HFSWR different to microwave radars because of their operating frequencies, energy from microwave radars travels in straight lines, and the curvature of the earth limits detection range for surface targets and detection range and altitude for aircraft.
However, by locating the radar on the shoreline and using the HF spectrum, HFSWR’s transmissions couple to the ocean surface and coverage extends over the ‘visible’ horizon, from sea level to the ionosphere. HFSWR also uses separate fixed transmit and receive antennas that are each optimised for their function and located physically apart. Target information is determined by advanced signal processing techniques.
What is the intended role of the radar?
Conventional surveillance is usually associated with assets like aircraft, patrol vessels, microwave radar, and sometimes satellite imagery. Each has optimum performance in a specific role but none can cost-effectively undertake complete surveillance of a large coastal area. Because HFSWR operates continuously in all weather conditions and has a wide area of coverage, it can operate both as a trip-wire or tracker for monitoring and reporting the behaviour and location of targets of interest. Therefore it complements conventional assets providing cueing information, to focus patrol boat or aircraft tasks when further action is required.
What does HFSWR cost?
Life cycle costs for the radar are well below equivalent surveillance assets. Capital outlay is less than that for a corresponding network of microwave radars and because of its extended range, HFSWR is better than a 6 to 1 force multiplier. The radar has a very low demand for manpower and high reliability, so the operating cost is negligible compared to any other assets providing 24/7 surveillance of the same coverage area.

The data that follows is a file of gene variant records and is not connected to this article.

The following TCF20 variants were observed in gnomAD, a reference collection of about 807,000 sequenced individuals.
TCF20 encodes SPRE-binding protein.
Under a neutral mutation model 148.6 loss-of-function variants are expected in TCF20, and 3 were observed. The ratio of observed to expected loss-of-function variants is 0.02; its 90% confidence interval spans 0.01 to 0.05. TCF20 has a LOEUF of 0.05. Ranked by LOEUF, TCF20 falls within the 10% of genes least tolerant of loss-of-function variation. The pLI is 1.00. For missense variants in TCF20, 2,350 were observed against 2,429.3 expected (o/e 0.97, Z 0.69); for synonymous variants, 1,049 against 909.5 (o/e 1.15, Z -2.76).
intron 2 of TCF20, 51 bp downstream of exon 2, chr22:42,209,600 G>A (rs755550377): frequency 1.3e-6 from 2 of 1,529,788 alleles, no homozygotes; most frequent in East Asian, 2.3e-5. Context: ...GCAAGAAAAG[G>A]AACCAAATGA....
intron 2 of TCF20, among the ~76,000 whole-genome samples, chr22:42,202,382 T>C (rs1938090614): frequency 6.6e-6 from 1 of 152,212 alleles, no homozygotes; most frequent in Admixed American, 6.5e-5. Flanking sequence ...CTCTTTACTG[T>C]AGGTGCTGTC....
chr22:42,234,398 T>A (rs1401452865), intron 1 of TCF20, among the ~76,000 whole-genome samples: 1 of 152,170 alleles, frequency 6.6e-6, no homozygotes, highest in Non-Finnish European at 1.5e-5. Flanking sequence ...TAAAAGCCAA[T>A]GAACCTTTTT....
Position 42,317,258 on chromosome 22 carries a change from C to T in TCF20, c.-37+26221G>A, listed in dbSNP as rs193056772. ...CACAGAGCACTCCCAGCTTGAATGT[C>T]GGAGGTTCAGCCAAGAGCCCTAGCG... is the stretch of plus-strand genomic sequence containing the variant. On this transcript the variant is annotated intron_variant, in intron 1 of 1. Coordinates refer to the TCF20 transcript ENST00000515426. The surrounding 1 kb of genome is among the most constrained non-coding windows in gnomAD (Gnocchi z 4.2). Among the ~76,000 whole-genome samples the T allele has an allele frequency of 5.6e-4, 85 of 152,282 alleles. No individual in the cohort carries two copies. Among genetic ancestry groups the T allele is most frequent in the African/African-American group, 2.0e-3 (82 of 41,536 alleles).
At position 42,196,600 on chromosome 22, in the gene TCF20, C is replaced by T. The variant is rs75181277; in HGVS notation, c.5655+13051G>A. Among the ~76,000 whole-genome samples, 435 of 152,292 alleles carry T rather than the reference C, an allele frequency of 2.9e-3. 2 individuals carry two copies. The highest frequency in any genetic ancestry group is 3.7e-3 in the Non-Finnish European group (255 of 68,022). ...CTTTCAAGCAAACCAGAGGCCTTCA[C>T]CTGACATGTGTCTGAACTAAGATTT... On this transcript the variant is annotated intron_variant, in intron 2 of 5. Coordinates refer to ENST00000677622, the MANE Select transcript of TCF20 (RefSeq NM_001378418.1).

Who are your customers?
HFSWR is based on research by the Australian Defence Science and Technology
Organisation, who have a long history of pioneering advances in HF radar. Daronmont was first engaged to commercialise the technology. As a result, SECAR was built, tested and deployed in northern Australia in late 2000. Based on a series of operational trials and technical evaluations by Australian Defence staff, Daronmont was contracted to supply and install a variant of the first radar for deployment in the Torres Strait. This radar enabled remote and unattended operations and was jointly funded by the Australian Customs (Coastwatch) and Defence departments.
Target size and characteristics impact detection range but are rarely referenced in describing microwave radar performance. For HF radars, the radar cross section is very similar to the physical size of the target. Daronmont chartered a range of vessels of different size and material as targets to verify performance. Detection range for a 10m fibreglass fishing boat was up to 120 km from the radar. Results from larger vessels show that detection range for a 1000 GRT fishing boat is in the order of 300 km and for larger vessels range is greater. Operational data from the Torres Straits shows vessels detected and tracked to 500km. For aircraft targets, trial data against cooperative and non-cooperative targets verifies that HFSWR will detect small aircraft (e.g. light twins) at very low altitudes; at ranges in the order of 165 km. Larger commercial aircraft have been detected and tracked at ranges greater than 500km from the radar. Unlike many other sensors, HFSWR processes surface and air targets simultaneously, is not adversely affected by rain and can operate 24/7.